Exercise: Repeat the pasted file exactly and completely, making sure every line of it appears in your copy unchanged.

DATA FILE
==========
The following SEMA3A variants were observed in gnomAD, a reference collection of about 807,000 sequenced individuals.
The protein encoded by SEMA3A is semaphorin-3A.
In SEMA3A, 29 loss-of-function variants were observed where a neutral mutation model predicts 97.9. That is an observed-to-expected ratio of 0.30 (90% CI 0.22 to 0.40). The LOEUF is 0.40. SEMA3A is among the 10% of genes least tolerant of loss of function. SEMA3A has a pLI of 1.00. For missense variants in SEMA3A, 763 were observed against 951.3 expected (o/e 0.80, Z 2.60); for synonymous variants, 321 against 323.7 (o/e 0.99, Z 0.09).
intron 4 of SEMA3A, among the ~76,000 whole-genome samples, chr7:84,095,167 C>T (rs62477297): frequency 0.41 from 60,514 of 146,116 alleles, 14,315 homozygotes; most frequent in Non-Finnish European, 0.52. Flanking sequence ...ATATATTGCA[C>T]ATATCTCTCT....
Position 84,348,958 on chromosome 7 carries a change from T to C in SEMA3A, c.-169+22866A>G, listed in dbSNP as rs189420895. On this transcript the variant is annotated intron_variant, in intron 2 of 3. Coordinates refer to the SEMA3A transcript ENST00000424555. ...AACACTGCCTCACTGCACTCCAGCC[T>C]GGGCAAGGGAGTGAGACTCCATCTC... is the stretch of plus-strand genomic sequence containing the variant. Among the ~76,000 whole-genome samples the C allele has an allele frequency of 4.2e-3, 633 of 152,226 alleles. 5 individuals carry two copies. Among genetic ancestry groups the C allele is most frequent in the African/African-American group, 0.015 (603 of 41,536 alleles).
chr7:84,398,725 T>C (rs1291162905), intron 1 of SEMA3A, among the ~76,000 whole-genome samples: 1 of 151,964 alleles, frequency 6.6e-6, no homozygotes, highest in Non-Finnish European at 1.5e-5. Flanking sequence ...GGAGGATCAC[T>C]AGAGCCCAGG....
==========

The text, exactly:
The following SEMA3A variants were observed in gnomAD, a reference collection of about 807,000 sequenced individuals.
The protein encoded by SEMA3A is semaphorin-3A.
In SEMA3A, 29 loss-of-function variants were observed where a neutral mutation model predicts 97.9. That is an observed-to-expected ratio of 0.30 (90% CI 0.22 to 0.40). The LOEUF is 0.40. SEMA3A is among the 10% of genes least tolerant of loss of function. SEMA3A has a pLI of 1.00. For missense variants in SEMA3A, 763 were observed against 951.3 expected (o/e 0.80, Z 2.60); for synonymous variants, 321 against 323.7 (o/e 0.99, Z 0.09).
intron 4 of SEMA3A, among the ~76,000 whole-genome samples, chr7:84,095,167 C>T (rs62477297): frequency 0.41 from 60,514 of 146,116 alleles, 14,315 homozygotes; most frequent in Non-Finnish European, 0.52. Flanking sequence ...ATATATTGCA[C>T]ATATCTCTCT....
Position 84,348,958 on chromosome 7 carries a change from T to C in SEMA3A, c.-169+22866A>G, listed in dbSNP as rs189420895. On this transcript the variant is annotated intron_variant, in intron 2 of 3. Coordinates refer to the SEMA3A transcript ENST00000424555. ...AACACTGCCTCACTGCACTCCAGCC[T>C]GGGCAAGGGAGTGAGACTCCATCTC... is the stretch of plus-strand genomic sequence containing the variant. Among the ~76,000 whole-genome samples the C allele has an allele frequency of 4.2e-3, 633 of 152,226 alleles. 5 individuals carry two copies. Among genetic ancestry groups the C allele is most frequent in the African/African-American group, 0.015 (603 of 41,536 alleles).
chr7:84,398,725 T>C (rs1291162905), intron 1 of SEMA3A, among the ~76,000 whole-genome samples: 1 of 151,964 alleles, frequency 6.6e-6, no homozygotes, highest in Non-Finnish European at 1.5e-5. Flanking sequence ...GGAGGATCAC[T>C]AGAGCCCAGG....